The Disappearance of Eleanor Rigby: Them
"The Disappearance of Eleanor Rigby: Them" is an affecting but disjointed film about trauma's impact on one couple and their families.
* This filmography is not intended to be a comprehensive list of this artist’s work. Instead it reflects the films this person has been involved with that have been reviewed on this site.
Marie writes: Behold an extraordinary collection of Steampunk characters, engines and vehicles created by Belgian artist Stephane Halleux. Of all the artists currently working in the genre, I think none surpass the sheer quality and detail to be found in his wonderful, whimsical pieces...
Left to right: Little Flying Civil, Beauty Machine, Le Rouleur de Patin(click images to enlarge)
Q. I'm so glad you reviewed "Robin Hood" as a "loss of innocence." I couldn't agree with you more. I would much rather see people laugh, love, and be absurd in movies, rather than hate, fight, and disembowel. I'm so glad you felt this way, because most of what Russell Crowe does falls into the latter. Modern guys feel they have to have a certain level of intensity about them or else they are wimps I guess. I for one am glad I retain something of the dreamer, the wanderer, and the lazy laugh of my childhood. I rarely go to the movies anymore because i don't want images of violence or gore impressed upon my subconscious, regardless of whether they are "real" or not. (Stephen Sian, North Vancouver, BC)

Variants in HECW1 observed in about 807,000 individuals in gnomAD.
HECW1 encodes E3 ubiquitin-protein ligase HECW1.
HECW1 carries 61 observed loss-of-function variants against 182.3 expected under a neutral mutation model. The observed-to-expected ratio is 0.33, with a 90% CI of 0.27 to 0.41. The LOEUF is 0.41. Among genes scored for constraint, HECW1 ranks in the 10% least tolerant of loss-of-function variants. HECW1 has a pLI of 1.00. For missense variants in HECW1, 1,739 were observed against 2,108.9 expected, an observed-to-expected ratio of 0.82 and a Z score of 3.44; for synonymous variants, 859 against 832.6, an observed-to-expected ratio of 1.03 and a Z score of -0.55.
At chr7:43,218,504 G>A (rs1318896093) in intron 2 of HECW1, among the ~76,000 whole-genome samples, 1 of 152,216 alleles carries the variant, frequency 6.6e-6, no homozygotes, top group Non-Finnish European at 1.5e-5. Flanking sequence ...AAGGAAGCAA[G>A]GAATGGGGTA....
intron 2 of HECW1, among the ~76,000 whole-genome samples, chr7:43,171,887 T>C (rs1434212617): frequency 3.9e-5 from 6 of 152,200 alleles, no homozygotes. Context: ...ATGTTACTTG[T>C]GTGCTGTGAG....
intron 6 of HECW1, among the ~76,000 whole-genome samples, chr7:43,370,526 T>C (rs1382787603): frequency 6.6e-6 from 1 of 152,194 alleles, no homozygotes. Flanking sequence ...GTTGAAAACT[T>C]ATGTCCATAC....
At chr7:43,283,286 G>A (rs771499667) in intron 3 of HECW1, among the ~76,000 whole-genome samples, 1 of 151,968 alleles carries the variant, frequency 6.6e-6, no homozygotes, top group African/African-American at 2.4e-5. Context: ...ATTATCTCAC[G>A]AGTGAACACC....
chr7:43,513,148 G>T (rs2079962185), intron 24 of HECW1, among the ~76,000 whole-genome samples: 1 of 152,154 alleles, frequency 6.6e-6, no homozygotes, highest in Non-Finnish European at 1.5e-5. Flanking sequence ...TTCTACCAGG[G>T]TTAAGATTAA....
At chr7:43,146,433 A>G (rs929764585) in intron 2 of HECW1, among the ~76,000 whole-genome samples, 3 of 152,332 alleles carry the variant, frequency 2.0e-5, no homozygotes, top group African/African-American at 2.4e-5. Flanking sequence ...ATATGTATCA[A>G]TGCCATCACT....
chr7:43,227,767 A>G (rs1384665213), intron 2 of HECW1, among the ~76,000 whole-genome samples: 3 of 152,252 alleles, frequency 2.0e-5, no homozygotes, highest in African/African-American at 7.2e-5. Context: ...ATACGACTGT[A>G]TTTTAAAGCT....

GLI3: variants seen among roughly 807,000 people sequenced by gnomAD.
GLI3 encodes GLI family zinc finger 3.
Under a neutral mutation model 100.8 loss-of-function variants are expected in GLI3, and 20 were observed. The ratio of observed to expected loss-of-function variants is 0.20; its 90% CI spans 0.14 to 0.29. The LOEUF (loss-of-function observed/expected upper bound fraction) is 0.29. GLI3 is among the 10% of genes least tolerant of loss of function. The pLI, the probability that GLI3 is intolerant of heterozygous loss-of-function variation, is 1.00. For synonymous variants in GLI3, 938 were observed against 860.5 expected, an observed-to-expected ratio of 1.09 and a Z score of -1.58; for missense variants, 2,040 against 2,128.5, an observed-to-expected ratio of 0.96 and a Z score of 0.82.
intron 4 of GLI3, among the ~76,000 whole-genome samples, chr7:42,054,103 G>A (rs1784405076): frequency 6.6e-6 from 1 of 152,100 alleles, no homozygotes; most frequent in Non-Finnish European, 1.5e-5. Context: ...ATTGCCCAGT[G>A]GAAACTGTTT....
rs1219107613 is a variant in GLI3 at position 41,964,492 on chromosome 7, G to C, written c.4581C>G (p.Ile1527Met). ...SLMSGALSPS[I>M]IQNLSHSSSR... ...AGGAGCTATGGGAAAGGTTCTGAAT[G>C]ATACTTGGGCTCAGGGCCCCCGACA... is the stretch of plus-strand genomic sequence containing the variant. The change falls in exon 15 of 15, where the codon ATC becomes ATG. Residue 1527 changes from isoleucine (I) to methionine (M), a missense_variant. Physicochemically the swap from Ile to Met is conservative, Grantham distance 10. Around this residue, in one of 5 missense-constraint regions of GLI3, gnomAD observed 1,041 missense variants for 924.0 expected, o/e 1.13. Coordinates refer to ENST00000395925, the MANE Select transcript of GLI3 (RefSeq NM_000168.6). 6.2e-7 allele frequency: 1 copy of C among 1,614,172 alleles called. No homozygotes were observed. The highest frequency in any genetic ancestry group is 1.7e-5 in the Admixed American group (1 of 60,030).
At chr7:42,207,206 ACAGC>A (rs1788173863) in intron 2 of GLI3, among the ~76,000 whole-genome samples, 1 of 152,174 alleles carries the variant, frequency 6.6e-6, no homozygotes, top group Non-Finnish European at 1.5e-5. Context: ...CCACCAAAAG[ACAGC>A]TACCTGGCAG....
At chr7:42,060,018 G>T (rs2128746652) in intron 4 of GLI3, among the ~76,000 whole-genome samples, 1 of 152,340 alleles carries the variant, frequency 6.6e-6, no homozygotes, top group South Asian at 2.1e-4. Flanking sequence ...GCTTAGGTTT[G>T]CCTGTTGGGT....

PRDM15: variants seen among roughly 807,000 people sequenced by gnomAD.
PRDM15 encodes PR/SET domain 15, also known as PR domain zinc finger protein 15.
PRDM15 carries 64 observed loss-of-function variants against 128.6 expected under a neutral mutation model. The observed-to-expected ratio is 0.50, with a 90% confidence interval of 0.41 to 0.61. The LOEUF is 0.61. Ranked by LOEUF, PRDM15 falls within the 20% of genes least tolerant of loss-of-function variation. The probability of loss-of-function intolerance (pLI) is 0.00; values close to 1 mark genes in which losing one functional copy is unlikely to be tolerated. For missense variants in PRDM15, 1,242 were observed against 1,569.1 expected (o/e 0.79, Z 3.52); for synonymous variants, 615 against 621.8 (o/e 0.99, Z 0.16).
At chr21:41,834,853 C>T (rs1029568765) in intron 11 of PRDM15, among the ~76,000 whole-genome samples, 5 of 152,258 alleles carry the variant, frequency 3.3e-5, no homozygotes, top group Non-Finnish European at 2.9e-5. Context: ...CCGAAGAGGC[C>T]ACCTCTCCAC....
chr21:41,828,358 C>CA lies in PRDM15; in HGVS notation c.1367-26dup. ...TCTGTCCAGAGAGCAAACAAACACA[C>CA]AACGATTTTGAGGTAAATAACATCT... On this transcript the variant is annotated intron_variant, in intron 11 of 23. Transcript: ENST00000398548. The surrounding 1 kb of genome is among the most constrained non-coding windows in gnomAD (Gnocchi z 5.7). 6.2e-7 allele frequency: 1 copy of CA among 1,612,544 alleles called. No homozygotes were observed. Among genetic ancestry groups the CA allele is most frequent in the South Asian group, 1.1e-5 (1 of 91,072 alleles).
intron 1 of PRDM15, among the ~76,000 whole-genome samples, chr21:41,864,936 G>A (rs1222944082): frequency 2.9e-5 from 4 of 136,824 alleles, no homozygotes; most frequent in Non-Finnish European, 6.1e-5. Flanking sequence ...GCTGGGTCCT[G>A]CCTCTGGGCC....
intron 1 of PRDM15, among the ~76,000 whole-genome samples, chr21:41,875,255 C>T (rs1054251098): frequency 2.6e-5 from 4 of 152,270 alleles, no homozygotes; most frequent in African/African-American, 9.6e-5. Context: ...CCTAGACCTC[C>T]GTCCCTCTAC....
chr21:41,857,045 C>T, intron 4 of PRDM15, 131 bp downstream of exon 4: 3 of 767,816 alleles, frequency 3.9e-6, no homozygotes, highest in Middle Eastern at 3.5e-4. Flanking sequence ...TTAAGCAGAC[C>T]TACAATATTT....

Q. My favorite scene in "The Island" is when Ewan McGregor congratulates Scarlett Johansson on being chosen to go to the island. He then leans over and whispers to her, "I'm sorry I didn't get to know you better." This is an obvious allusion to "Lost in Translation," designed to inform us once and for all what Bill Murray whispered to her at the end of that movie. Abraham Leib, Bellevue, Wash.